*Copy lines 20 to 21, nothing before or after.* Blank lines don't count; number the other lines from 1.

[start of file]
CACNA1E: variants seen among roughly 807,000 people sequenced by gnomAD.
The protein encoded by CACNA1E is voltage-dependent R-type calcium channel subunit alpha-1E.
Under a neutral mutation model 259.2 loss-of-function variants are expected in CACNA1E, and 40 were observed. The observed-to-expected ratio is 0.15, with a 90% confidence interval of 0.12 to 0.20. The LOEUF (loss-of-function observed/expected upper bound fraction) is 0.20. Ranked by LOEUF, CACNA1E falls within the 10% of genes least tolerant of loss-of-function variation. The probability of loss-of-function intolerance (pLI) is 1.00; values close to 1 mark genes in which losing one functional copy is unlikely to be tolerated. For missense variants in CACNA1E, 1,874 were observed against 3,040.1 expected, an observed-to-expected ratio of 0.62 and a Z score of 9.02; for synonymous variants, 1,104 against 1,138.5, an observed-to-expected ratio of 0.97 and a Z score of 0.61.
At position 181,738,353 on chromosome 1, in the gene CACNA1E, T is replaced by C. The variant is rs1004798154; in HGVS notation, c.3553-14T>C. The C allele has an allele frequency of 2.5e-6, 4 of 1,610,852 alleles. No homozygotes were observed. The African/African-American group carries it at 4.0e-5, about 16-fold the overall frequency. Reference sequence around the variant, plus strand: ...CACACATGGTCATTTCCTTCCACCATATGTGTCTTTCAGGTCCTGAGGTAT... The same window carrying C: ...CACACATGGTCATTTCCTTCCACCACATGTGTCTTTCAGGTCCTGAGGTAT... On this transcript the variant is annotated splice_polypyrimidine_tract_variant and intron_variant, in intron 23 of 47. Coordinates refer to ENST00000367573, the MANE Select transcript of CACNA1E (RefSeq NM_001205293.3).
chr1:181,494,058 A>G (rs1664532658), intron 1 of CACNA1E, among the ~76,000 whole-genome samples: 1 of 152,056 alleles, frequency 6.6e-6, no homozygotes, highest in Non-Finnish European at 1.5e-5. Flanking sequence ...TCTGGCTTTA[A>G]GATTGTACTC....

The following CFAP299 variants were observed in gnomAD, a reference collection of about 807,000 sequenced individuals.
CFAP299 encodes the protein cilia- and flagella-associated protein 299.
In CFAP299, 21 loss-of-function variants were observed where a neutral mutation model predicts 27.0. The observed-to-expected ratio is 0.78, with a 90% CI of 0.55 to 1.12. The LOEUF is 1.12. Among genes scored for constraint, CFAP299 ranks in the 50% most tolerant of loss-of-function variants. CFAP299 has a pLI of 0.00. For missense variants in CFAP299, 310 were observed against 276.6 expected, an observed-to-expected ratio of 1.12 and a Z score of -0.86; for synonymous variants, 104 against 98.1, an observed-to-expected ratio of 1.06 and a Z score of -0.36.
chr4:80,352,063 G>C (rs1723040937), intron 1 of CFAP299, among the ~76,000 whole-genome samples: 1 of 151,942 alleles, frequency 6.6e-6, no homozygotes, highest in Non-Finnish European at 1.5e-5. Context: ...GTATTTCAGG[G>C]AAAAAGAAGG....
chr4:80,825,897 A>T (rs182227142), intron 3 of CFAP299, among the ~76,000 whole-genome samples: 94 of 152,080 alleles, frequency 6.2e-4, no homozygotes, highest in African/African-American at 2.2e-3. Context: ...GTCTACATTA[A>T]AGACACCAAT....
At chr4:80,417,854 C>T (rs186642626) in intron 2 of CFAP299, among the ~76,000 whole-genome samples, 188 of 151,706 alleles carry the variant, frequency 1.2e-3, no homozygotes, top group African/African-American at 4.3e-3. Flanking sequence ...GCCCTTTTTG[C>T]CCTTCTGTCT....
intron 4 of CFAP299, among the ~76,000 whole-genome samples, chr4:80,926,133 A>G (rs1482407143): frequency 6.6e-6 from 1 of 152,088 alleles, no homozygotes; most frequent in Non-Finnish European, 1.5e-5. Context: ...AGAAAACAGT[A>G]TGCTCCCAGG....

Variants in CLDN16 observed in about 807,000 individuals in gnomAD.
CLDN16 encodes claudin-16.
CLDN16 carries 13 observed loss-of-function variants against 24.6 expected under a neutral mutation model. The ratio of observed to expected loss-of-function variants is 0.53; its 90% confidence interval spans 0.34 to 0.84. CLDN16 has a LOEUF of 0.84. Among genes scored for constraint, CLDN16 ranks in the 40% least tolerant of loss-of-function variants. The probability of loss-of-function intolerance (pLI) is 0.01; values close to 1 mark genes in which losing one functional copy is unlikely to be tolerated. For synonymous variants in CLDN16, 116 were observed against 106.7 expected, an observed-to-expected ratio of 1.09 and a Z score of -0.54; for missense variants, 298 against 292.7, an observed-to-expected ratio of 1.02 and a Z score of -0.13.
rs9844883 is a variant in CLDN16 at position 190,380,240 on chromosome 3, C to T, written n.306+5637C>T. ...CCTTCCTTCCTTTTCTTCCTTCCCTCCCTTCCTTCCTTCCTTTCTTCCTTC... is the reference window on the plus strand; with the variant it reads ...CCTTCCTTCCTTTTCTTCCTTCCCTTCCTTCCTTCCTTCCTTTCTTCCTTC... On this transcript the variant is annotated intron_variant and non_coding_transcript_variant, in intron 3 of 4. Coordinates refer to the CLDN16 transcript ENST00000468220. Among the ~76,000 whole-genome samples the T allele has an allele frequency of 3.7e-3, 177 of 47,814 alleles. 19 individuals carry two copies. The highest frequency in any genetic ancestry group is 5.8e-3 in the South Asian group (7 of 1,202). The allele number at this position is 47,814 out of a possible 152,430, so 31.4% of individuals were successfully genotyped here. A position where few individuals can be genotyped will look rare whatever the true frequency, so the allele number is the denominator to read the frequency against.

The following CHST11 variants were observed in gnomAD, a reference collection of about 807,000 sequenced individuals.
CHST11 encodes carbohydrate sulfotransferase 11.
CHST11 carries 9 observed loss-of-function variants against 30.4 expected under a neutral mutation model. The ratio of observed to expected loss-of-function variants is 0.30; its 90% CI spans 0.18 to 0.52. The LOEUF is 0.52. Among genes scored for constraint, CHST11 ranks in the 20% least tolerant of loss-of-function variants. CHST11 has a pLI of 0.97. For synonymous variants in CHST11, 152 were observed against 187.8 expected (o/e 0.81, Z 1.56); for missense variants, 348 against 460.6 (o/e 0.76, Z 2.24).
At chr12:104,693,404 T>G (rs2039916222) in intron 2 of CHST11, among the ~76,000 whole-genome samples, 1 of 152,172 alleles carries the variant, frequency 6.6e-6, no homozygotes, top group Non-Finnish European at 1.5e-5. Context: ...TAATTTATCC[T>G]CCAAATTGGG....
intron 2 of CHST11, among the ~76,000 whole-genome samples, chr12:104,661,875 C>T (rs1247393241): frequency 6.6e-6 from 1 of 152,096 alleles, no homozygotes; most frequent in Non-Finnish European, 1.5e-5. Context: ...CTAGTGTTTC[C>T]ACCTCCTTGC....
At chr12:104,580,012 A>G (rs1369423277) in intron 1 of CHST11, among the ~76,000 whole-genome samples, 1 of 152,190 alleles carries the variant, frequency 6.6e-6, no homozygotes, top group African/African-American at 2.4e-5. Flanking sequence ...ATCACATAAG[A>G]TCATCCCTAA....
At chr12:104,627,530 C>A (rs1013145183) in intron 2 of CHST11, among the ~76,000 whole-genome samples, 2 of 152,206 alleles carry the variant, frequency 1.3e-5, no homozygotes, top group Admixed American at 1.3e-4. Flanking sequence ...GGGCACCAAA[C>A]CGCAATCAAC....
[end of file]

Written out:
At chr12:104,693,404 T>G (rs2039916222) in intron 2 of CHST11, among the ~76,000 whole-genome samples, 1 of 152,172 alleles carries the variant, frequency 6.6e-6, no homozygotes, top group Non-Finnish European at 1.5e-5. Context: ...TAATTTATCC[T>G]CCAAATTGGG....
intron 2 of CHST11, among the ~76,000 whole-genome samples, chr12:104,661,875 C>T (rs1247393241): frequency 6.6e-6 from 1 of 152,096 alleles, no homozygotes; most frequent in Non-Finnish European, 1.5e-5. Context: ...CTAGTGTTTC[C>T]ACCTCCTTGC....